However, when I performed the analysis, even without SAP license costs, I found SAP TCO costs to be so high that even without any license costs or SAP support costs (which are based upon the license costs) the best of breed vendors were still easily beating SAP in TCO in all the application areas. Secondly, any article which does not rank SAP as #1 in whatever it is being compared with is open to immediate criticism. (In fact, the easiest way to have a soft life in IT is to skip any analysis and declare SAP the victor. In doing this, you generally are not required to provide any evidence, but simply say something like “SAP support best practices.”) So something that shows SAP’s TCO being higher than anything else will be considered biased. Therefore, to counteract this concern, I decided to tilt the playing field in SAP’s direction by making all of the license costs free. So this analysis assumes you never had to pay anything for SAP’s software or their support.
Doing this does one other thing, it emphasizes the point that the license cost should not be the main focus of the comparison and that other costs predominated in the TCO. Therefore, free software can end up being not the best decision.
There are a number of assumptions in this analysis. One of the most important is the duration of the implementation. This is one of the trickier things to set. Software companies tend to deemphasize this number, which is why I had to use my experience to adjust the results to what I have seen. SAP implementations take the longest of any enterprise vendor, and there are very good reasons for this, which I get into later in this post. However, for both SAP and the best-of-breed vendor, I have included a range, and the estimated TCO for each in terms of implementation is based upon an average. There is no perfect analysis of this type that can be created because of all the different variables. However, not being able to attain perfection should not get in the way of attempting estimation. One way or another, these types of analyses must be performed and I always think it’s better to take a shot at estimation rather than to throw one’s hands up and say its unknowable.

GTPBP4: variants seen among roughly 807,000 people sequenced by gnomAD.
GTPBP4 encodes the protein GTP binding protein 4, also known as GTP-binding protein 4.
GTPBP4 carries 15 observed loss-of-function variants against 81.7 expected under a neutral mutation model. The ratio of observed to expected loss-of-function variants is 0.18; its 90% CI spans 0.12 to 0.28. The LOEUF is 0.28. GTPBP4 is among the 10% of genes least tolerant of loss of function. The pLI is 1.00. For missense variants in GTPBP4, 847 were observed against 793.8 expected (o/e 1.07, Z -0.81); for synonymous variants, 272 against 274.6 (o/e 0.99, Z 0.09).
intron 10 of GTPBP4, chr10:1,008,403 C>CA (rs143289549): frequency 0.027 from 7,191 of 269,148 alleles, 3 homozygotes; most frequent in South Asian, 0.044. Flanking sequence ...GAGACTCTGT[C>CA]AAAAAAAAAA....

Total Cost of Ownership
According to this estimate, SAP has a higher total cost of ownership than the best of breed application I compared it against. Having worked in SAP as long as I have, I intuitively I knew it would be higher, but even I was surprised by how much higher it was. Here are some of the reasons.
SAP’s Implementations take Significantly Longer than Best of Breed Implementations
- SAP’s software is very difficult to understand and is highly encapsulated. SAP has so many settings which allow the system to behave in different ways that extensive time must be spend in both understanding the settings and understanding the interactions between the settings. The statement that SAP is filled with “best practices,” is actually incorrect, because a best practice approach prescribes that the system define specific ways of doing things, when in fact SAP follows the “comprehensive approach.” This includes a seemingly unlimited number of ways of configuring the system.